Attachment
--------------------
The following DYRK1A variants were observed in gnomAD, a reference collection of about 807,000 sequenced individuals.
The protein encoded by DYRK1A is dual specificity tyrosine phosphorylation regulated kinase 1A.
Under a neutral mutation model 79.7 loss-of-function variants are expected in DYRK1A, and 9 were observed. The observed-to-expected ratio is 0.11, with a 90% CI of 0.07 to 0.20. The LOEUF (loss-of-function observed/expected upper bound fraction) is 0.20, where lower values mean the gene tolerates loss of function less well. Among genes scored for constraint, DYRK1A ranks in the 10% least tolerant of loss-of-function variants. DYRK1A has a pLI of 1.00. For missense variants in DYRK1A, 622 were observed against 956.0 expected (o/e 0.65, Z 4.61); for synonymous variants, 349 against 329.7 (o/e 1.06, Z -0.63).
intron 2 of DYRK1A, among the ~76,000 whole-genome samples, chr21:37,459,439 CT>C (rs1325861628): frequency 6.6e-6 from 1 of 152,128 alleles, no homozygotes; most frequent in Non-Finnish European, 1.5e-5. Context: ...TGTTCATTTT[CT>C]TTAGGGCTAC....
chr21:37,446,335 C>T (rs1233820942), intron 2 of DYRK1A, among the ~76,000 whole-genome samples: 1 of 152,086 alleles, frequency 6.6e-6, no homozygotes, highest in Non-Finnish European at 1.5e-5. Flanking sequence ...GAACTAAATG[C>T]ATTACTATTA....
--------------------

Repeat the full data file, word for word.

The following DYRK1A variants were observed in gnomAD, a reference collection of about 807,000 sequenced individuals.
The protein encoded by DYRK1A is dual specificity tyrosine phosphorylation regulated kinase 1A.
Under a neutral mutation model 79.7 loss-of-function variants are expected in DYRK1A, and 9 were observed. The observed-to-expected ratio is 0.11, with a 90% CI of 0.07 to 0.20. The LOEUF (loss-of-function observed/expected upper bound fraction) is 0.20, where lower values mean the gene tolerates loss of function less well. Among genes scored for constraint, DYRK1A ranks in the 10% least tolerant of loss-of-function variants. DYRK1A has a pLI of 1.00. For missense variants in DYRK1A, 622 were observed against 956.0 expected (o/e 0.65, Z 4.61); for synonymous variants, 349 against 329.7 (o/e 1.06, Z -0.63).
intron 2 of DYRK1A, among the ~76,000 whole-genome samples, chr21:37,459,439 CT>C (rs1325861628): frequency 6.6e-6 from 1 of 152,128 alleles, no homozygotes; most frequent in Non-Finnish European, 1.5e-5. Context: ...TGTTCATTTT[CT>C]TTAGGGCTAC....
chr21:37,446,335 C>T (rs1233820942), intron 2 of DYRK1A, among the ~76,000 whole-genome samples: 1 of 152,086 alleles, frequency 6.6e-6, no homozygotes, highest in Non-Finnish European at 1.5e-5. Flanking sequence ...GAACTAAATG[C>T]ATTACTATTA....